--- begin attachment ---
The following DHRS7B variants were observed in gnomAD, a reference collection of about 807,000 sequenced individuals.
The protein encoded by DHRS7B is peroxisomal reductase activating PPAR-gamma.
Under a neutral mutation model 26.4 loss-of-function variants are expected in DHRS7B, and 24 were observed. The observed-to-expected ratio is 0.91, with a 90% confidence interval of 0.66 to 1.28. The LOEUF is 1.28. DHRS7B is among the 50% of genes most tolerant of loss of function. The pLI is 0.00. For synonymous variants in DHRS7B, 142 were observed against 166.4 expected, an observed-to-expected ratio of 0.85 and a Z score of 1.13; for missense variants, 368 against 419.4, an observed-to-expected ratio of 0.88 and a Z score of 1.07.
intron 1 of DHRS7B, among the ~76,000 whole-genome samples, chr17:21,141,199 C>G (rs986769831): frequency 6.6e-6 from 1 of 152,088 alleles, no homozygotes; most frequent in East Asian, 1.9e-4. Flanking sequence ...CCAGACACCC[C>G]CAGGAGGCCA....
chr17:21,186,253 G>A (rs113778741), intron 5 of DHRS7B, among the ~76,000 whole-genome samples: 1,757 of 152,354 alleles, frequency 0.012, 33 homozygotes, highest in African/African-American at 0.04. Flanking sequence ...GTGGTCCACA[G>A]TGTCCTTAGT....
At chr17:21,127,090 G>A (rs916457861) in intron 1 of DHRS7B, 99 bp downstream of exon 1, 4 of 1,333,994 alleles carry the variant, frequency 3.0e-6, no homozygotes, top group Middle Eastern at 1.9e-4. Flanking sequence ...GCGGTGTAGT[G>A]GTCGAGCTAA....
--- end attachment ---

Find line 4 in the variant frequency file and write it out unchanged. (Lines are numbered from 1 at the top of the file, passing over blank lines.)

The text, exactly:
intron 1 of DHRS7B, among the ~76,000 whole-genome samples, chr17:21,141,199 C>G (rs986769831): frequency 6.6e-6 from 1 of 152,088 alleles, no homozygotes; most frequent in East Asian, 1.9e-4. Flanking sequence ...CCAGACACCC[C>G]CAGGAGGCCA....